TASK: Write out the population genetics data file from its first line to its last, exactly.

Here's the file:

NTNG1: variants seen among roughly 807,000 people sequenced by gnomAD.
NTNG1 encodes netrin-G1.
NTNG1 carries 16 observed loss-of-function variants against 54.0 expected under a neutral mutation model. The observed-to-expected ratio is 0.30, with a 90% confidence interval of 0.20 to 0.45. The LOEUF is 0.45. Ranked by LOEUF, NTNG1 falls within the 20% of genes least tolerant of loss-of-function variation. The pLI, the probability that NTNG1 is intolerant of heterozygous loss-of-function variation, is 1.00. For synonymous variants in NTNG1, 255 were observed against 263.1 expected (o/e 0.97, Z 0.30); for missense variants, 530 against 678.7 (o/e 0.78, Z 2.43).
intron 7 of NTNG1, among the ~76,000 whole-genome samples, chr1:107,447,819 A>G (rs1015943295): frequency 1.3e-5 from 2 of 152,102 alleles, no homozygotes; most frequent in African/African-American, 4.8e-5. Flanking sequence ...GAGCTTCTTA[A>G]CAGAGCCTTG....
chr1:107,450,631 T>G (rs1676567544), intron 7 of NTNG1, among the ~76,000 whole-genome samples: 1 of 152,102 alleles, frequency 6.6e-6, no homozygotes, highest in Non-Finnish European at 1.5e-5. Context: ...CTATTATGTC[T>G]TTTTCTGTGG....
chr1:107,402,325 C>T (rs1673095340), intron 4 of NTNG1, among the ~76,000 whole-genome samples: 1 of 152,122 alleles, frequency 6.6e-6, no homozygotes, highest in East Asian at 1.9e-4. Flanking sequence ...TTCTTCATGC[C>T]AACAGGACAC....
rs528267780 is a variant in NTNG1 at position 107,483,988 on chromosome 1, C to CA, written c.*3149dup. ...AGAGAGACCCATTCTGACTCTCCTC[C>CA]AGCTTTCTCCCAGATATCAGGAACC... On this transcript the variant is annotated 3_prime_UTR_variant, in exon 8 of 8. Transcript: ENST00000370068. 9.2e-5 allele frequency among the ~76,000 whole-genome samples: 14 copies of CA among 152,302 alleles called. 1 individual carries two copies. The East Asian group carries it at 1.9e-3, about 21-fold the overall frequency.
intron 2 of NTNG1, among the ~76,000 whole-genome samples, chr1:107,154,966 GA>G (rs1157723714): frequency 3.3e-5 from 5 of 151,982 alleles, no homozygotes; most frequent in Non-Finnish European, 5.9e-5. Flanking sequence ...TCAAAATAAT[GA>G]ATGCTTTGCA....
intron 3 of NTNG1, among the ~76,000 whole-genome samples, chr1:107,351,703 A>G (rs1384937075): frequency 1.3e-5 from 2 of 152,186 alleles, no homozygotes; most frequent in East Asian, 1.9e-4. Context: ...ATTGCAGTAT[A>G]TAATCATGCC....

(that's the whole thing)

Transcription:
NTNG1: variants seen among roughly 807,000 people sequenced by gnomAD.
NTNG1 encodes netrin-G1.
NTNG1 carries 16 observed loss-of-function variants against 54.0 expected under a neutral mutation model. The observed-to-expected ratio is 0.30, with a 90% confidence interval of 0.20 to 0.45. The LOEUF is 0.45. Ranked by LOEUF, NTNG1 falls within the 20% of genes least tolerant of loss-of-function variation. The pLI, the probability that NTNG1 is intolerant of heterozygous loss-of-function variation, is 1.00. For synonymous variants in NTNG1, 255 were observed against 263.1 expected (o/e 0.97, Z 0.30); for missense variants, 530 against 678.7 (o/e 0.78, Z 2.43).
intron 7 of NTNG1, among the ~76,000 whole-genome samples, chr1:107,447,819 A>G (rs1015943295): frequency 1.3e-5 from 2 of 152,102 alleles, no homozygotes; most frequent in African/African-American, 4.8e-5. Flanking sequence ...GAGCTTCTTA[A>G]CAGAGCCTTG....
chr1:107,450,631 T>G (rs1676567544), intron 7 of NTNG1, among the ~76,000 whole-genome samples: 1 of 152,102 alleles, frequency 6.6e-6, no homozygotes, highest in Non-Finnish European at 1.5e-5. Context: ...CTATTATGTC[T>G]TTTTCTGTGG....
chr1:107,402,325 C>T (rs1673095340), intron 4 of NTNG1, among the ~76,000 whole-genome samples: 1 of 152,122 alleles, frequency 6.6e-6, no homozygotes, highest in East Asian at 1.9e-4. Flanking sequence ...TTCTTCATGC[C>T]AACAGGACAC....
rs528267780 is a variant in NTNG1 at position 107,483,988 on chromosome 1, C to CA, written c.*3149dup. ...AGAGAGACCCATTCTGACTCTCCTC[C>CA]AGCTTTCTCCCAGATATCAGGAACC... On this transcript the variant is annotated 3_prime_UTR_variant, in exon 8 of 8. Transcript: ENST00000370068. 9.2e-5 allele frequency among the ~76,000 whole-genome samples: 14 copies of CA among 152,302 alleles called. 1 individual carries two copies. The East Asian group carries it at 1.9e-3, about 21-fold the overall frequency.
intron 2 of NTNG1, among the ~76,000 whole-genome samples, chr1:107,154,966 GA>G (rs1157723714): frequency 3.3e-5 from 5 of 151,982 alleles, no homozygotes; most frequent in Non-Finnish European, 5.9e-5. Flanking sequence ...TCAAAATAAT[GA>G]ATGCTTTGCA....
intron 3 of NTNG1, among the ~76,000 whole-genome samples, chr1:107,351,703 A>G (rs1384937075): frequency 1.3e-5 from 2 of 152,186 alleles, no homozygotes; most frequent in East Asian, 1.9e-4. Context: ...ATTGCAGTAT[A>G]TAATCATGCC....